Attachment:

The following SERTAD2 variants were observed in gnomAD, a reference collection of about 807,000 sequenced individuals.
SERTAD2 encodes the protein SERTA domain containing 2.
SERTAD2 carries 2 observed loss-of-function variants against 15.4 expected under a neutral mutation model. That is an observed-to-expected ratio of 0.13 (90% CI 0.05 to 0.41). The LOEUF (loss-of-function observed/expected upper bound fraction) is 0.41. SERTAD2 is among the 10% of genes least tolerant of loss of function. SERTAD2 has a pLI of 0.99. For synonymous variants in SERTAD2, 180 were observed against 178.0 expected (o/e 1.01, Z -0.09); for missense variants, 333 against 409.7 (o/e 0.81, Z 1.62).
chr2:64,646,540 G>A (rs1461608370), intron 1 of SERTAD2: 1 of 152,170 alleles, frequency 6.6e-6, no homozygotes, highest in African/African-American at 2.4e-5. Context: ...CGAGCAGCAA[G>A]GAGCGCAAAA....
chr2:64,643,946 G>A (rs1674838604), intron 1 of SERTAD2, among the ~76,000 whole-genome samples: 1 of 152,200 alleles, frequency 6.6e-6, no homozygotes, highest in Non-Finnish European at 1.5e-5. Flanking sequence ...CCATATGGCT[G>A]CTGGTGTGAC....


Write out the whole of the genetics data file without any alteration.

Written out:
The following SERTAD2 variants were observed in gnomAD, a reference collection of about 807,000 sequenced individuals.
SERTAD2 encodes the protein SERTA domain containing 2.
SERTAD2 carries 2 observed loss-of-function variants against 15.4 expected under a neutral mutation model. That is an observed-to-expected ratio of 0.13 (90% CI 0.05 to 0.41). The LOEUF (loss-of-function observed/expected upper bound fraction) is 0.41. SERTAD2 is among the 10% of genes least tolerant of loss of function. SERTAD2 has a pLI of 0.99. For synonymous variants in SERTAD2, 180 were observed against 178.0 expected (o/e 1.01, Z -0.09); for missense variants, 333 against 409.7 (o/e 0.81, Z 1.62).
chr2:64,646,540 G>A (rs1461608370), intron 1 of SERTAD2: 1 of 152,170 alleles, frequency 6.6e-6, no homozygotes, highest in African/African-American at 2.4e-5. Context: ...CGAGCAGCAA[G>A]GAGCGCAAAA....
chr2:64,643,946 G>A (rs1674838604), intron 1 of SERTAD2, among the ~76,000 whole-genome samples: 1 of 152,200 alleles, frequency 6.6e-6, no homozygotes, highest in Non-Finnish European at 1.5e-5. Flanking sequence ...CCATATGGCT[G>A]CTGGTGTGAC....